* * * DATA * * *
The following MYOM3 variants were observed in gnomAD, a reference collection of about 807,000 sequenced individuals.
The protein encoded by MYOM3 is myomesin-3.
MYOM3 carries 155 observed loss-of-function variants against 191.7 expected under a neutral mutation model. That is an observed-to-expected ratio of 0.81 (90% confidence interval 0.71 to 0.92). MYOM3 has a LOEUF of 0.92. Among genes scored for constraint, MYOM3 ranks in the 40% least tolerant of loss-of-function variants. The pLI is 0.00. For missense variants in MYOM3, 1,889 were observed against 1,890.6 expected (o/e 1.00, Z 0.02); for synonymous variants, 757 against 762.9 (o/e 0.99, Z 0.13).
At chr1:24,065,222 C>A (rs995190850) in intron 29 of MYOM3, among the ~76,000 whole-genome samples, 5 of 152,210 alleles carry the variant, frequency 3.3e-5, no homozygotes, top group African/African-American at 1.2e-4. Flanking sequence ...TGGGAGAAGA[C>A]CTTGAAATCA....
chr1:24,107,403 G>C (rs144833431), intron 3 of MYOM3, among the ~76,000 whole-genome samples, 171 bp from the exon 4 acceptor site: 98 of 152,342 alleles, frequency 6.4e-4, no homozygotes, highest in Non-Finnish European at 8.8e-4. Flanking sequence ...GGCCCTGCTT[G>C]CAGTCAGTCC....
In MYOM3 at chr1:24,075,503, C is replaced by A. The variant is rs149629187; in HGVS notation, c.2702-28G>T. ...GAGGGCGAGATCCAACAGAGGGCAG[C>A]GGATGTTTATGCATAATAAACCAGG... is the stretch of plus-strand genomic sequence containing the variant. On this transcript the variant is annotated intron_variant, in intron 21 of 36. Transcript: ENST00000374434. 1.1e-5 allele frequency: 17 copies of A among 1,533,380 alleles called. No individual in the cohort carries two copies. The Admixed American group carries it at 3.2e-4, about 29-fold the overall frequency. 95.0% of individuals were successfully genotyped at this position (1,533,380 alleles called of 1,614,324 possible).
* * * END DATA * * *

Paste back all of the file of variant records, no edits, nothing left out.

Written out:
The following MYOM3 variants were observed in gnomAD, a reference collection of about 807,000 sequenced individuals.
The protein encoded by MYOM3 is myomesin-3.
MYOM3 carries 155 observed loss-of-function variants against 191.7 expected under a neutral mutation model. That is an observed-to-expected ratio of 0.81 (90% confidence interval 0.71 to 0.92). MYOM3 has a LOEUF of 0.92. Among genes scored for constraint, MYOM3 ranks in the 40% least tolerant of loss-of-function variants. The pLI is 0.00. For missense variants in MYOM3, 1,889 were observed against 1,890.6 expected (o/e 1.00, Z 0.02); for synonymous variants, 757 against 762.9 (o/e 0.99, Z 0.13).
At chr1:24,065,222 C>A (rs995190850) in intron 29 of MYOM3, among the ~76,000 whole-genome samples, 5 of 152,210 alleles carry the variant, frequency 3.3e-5, no homozygotes, top group African/African-American at 1.2e-4. Flanking sequence ...TGGGAGAAGA[C>A]CTTGAAATCA....
chr1:24,107,403 G>C (rs144833431), intron 3 of MYOM3, among the ~76,000 whole-genome samples, 171 bp from the exon 4 acceptor site: 98 of 152,342 alleles, frequency 6.4e-4, no homozygotes, highest in Non-Finnish European at 8.8e-4. Flanking sequence ...GGCCCTGCTT[G>C]CAGTCAGTCC....
In MYOM3 at chr1:24,075,503, C is replaced by A. The variant is rs149629187; in HGVS notation, c.2702-28G>T. ...GAGGGCGAGATCCAACAGAGGGCAG[C>A]GGATGTTTATGCATAATAAACCAGG... is the stretch of plus-strand genomic sequence containing the variant. On this transcript the variant is annotated intron_variant, in intron 21 of 36. Transcript: ENST00000374434. 1.1e-5 allele frequency: 17 copies of A among 1,533,380 alleles called. No individual in the cohort carries two copies. The Admixed American group carries it at 3.2e-4, about 29-fold the overall frequency. 95.0% of individuals were successfully genotyped at this position (1,533,380 alleles called of 1,614,324 possible).